When you think about phishing attacks, you probably envision sketchy emails cobbled together with a pixelated logo, an obviously phony sender address, and a ludicrous request to wire thousands of dollars to a mysterious Nigerian prince. There’s no way today’s technologically savvy workforce could fall for such a trite scheme, right?
Unfortunately, phishing has become more sophisticated, personalized, and widespread over the past decade. A whopping 76 percent of businesses reported being victimized by a phishing attack in the past year, according to an annual report by Wombat Security. And with the average cost of a phishing attack on a midsize company totaling $1.6 million, phishing attacks aren’t just annoying—they can leave your organization in financial ruin.
While there’s no way to prevent phishing attempts on employees, educating users on how to identify potential scams is a great place to start. To help, let’s break down how new phishing campaigns operate and compile a few best practices, so you can arm employees with the hacking education they need to fight back against this type of cybercrime.
Watch out for the hidden dangers of social engineering
It’s normal to be skeptical of an email from an address you don’t recognize, but what if the sender is someone you know? Or, at least, that’s how it appears. Consider this warning from renowned hacker-turned-security consultant Kevin Mitnick, who leveraged social engineering to hack the networks of countless organizations, tallying an estimated $300 million in damages.
“Companies spend millions of dollars on firewalls, encryption, and secure access devices, and it’s money wasted,” Mitnick said in an interview with Frontline. “Because none of these measures address the weakest link in the security chain: the people who use, administer, operate, and account for computer systems that contain protected information.”
Of course, money spent on security is never money wasted if it works. But Mitnick is right: The best way an organization can prevent a successful phishing attack is by making sure employees understand attacks aren’t always obvious. One of the most successful types of phishing attacks is impersonation—disguising oneself as someone the victim knows and trusts by using information found on their social media profiles. The criminal then cons the victim into providing sensitive information, wiring money, or—as is the case with a new phishing attack—downloading credential-stealing malware.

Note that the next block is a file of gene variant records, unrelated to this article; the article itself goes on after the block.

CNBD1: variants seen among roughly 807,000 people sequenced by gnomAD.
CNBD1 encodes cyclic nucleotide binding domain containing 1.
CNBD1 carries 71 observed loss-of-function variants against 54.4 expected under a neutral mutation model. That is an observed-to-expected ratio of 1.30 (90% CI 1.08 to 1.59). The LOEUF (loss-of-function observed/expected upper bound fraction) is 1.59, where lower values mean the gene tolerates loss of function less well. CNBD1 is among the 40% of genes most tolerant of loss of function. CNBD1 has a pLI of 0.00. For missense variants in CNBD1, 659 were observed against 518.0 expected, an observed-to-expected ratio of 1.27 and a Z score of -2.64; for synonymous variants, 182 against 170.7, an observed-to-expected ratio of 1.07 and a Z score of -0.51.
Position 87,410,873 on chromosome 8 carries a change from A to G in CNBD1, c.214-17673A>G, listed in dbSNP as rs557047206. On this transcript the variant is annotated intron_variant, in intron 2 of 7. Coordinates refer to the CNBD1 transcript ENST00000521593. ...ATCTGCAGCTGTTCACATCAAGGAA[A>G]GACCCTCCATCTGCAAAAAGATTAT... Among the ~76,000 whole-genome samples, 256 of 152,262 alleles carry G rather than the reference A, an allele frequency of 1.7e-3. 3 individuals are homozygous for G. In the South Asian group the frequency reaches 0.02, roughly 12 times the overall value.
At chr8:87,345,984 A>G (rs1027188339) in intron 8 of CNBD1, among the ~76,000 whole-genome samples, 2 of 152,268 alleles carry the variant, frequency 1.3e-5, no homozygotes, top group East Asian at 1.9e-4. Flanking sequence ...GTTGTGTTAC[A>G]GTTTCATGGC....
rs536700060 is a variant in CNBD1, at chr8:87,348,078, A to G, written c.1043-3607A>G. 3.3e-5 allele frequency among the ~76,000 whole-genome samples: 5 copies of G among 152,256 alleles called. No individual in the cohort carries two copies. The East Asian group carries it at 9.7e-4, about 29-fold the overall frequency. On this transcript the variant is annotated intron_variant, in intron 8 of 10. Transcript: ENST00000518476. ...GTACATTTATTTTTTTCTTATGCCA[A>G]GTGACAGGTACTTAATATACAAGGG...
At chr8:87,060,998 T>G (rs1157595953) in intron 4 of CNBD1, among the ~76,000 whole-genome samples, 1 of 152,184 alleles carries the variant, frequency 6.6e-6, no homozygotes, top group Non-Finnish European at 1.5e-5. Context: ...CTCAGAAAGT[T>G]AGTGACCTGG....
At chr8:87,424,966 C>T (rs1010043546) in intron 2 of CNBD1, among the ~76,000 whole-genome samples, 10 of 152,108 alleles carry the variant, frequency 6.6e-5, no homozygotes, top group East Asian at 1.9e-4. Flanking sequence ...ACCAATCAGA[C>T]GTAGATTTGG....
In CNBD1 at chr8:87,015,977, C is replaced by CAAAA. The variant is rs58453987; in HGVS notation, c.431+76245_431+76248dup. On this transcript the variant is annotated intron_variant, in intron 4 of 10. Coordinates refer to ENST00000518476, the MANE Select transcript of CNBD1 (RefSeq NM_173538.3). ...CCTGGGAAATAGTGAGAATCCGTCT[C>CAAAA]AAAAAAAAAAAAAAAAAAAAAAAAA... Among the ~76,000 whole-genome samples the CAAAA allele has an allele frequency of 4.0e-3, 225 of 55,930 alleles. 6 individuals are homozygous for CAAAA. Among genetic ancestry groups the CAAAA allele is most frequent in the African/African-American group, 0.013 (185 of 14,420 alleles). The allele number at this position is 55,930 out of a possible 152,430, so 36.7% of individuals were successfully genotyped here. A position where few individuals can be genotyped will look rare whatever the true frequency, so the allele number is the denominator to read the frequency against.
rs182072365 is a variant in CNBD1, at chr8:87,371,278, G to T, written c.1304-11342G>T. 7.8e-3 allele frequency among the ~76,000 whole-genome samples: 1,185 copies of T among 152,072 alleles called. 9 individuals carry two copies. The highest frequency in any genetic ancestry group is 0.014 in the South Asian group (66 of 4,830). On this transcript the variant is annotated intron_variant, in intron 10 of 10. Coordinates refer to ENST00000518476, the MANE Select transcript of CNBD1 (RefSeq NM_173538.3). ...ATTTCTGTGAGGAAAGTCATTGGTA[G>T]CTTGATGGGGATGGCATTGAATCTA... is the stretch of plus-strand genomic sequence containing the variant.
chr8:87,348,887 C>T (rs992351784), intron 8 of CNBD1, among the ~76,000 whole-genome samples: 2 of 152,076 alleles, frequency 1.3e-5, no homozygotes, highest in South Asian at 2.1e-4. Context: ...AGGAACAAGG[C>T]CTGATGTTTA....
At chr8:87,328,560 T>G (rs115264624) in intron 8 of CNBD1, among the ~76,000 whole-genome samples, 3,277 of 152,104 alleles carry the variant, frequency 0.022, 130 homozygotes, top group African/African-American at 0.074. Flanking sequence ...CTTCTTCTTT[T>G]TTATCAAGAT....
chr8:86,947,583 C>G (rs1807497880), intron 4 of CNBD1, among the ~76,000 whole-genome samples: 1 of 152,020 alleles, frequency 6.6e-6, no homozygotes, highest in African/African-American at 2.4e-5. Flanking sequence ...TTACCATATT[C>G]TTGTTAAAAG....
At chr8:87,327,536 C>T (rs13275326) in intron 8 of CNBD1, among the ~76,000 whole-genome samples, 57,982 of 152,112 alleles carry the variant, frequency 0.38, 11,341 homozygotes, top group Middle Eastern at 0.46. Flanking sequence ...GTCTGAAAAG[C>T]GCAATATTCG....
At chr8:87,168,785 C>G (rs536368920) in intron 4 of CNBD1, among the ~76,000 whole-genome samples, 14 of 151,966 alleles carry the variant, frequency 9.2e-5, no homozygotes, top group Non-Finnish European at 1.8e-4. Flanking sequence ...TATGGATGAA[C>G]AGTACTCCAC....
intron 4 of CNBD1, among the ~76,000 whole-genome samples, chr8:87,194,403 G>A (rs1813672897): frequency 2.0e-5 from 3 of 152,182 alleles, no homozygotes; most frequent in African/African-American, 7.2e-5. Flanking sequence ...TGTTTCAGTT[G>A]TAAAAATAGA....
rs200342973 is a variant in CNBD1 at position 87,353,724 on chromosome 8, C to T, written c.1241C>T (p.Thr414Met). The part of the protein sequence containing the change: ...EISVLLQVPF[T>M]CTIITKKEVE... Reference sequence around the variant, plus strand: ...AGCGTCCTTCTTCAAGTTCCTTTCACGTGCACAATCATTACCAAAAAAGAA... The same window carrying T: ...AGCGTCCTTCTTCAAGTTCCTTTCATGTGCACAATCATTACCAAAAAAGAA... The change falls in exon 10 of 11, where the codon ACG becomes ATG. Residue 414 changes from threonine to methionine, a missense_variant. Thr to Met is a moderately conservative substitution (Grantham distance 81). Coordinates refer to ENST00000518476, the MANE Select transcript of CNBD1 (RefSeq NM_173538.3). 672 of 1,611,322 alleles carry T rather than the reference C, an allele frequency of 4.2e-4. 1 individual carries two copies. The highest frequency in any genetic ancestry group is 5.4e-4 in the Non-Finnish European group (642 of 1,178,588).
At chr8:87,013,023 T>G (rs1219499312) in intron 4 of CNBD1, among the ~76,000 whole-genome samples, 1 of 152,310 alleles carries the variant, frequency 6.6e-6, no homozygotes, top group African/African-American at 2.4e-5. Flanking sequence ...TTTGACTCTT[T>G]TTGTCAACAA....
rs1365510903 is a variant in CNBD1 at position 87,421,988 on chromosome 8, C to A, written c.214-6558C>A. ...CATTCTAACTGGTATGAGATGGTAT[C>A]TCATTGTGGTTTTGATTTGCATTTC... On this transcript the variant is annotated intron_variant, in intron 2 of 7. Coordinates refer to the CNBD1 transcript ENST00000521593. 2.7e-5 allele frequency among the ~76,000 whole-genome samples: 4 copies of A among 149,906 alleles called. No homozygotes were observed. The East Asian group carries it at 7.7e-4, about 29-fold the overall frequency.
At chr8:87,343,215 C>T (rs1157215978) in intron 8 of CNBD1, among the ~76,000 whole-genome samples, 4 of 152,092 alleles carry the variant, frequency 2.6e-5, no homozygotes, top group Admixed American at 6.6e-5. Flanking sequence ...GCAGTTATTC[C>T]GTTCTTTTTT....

For example, imagine an employee in the finance department receives an email from someone who appears to be their boss. The email asks the recipient for an update about an unpaid invoice, which is linked within the body of the email. Within moments of clicking the link, the entire network has been compromised and the victimized employee is none the wiser.
Teach your team how to identify phishing attacks
Unfortunately for IT departments, new phishing campaigns are shockingly convincing and can easily bypass traditional spam filters. Without a thorough understanding of what to look for, employees can easily put your data and financials at risk. To boost your IT security, educate your users to be wary of the following:
An email asking for personal credentials. No legitimate organization would ask for an individual’s password, account number, or other personal information via email.
Requests for access to sensitive information. Any request for sensitive or confidential data should be treated with the utmost scrutiny.
An email address with an unfamiliar domain name. Display names can be easily changed, but the domain name is generally a clear giveaway someone is not with the organization they claim to be from.
Intimidating or time-sensitive requests. Never trust an email that says your account will be closed unless you take a specific action—especially if that action requires you to provide your social security number or other personal information.
Impersonal greetings. By now, nearly every reputable organization uses personalization tokens that drop the recipient’s name into the greeting. Any email beginning with “Dear Customer” or “Hello Cardholder” should raise a red flag.
Spelling or grammatical errors. Everyone makes mistakes, but a genuine communication from a real company is more likely to have been carefully proofread.
Subtle changes in email look and feel. Beware of emails from people you know that have different fonts or a different signature style than normal.
Of course, even if they’re armed with this list, users could still be deceived by phishing attacks that make use of social engineering. To keep your environment safe, hold regular security education sessions with your workforce, remind employees to share strange messages or requests with IT before taking action, and invest in products already outfitted with the best protection available, like printers with embedded security features. After all, a vulnerable endpoint device is one of the easiest access points into your network, second only to an unsuspecting employee.
They say an ounce of prevention is worth a pound of cure. But in the case of phishing attacks, preventive actions could be worth millions. Taking the time to offer hacking education and preparing employees are the best defenses you can employ against sophisticated cybercrime.